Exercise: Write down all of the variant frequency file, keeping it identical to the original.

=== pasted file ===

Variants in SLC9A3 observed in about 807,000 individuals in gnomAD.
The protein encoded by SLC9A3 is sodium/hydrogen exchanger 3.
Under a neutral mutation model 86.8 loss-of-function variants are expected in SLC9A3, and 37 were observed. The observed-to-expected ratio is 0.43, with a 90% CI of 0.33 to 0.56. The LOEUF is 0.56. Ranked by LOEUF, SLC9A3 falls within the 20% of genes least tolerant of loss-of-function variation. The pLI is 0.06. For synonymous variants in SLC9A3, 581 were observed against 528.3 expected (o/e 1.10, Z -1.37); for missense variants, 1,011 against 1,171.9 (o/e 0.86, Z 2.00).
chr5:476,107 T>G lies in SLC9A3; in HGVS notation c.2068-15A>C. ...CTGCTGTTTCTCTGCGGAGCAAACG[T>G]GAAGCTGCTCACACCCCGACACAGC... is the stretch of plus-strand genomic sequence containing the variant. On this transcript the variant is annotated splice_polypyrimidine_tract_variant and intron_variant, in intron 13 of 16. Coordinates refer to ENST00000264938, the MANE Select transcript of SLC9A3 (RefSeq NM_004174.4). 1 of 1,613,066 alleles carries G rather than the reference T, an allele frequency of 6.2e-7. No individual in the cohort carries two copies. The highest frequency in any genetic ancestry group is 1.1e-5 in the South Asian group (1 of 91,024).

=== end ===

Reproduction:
Variants in SLC9A3 observed in about 807,000 individuals in gnomAD.
The protein encoded by SLC9A3 is sodium/hydrogen exchanger 3.
Under a neutral mutation model 86.8 loss-of-function variants are expected in SLC9A3, and 37 were observed. The observed-to-expected ratio is 0.43, with a 90% CI of 0.33 to 0.56. The LOEUF is 0.56. Ranked by LOEUF, SLC9A3 falls within the 20% of genes least tolerant of loss-of-function variation. The pLI is 0.06. For synonymous variants in SLC9A3, 581 were observed against 528.3 expected (o/e 1.10, Z -1.37); for missense variants, 1,011 against 1,171.9 (o/e 0.86, Z 2.00).
chr5:476,107 T>G lies in SLC9A3; in HGVS notation c.2068-15A>C. ...CTGCTGTTTCTCTGCGGAGCAAACG[T>G]GAAGCTGCTCACACCCCGACACAGC... is the stretch of plus-strand genomic sequence containing the variant. On this transcript the variant is annotated splice_polypyrimidine_tract_variant and intron_variant, in intron 13 of 16. Coordinates refer to ENST00000264938, the MANE Select transcript of SLC9A3 (RefSeq NM_004174.4). 1 of 1,613,066 alleles carries G rather than the reference T, an allele frequency of 6.2e-7. No individual in the cohort carries two copies. The highest frequency in any genetic ancestry group is 1.1e-5 in the South Asian group (1 of 91,024).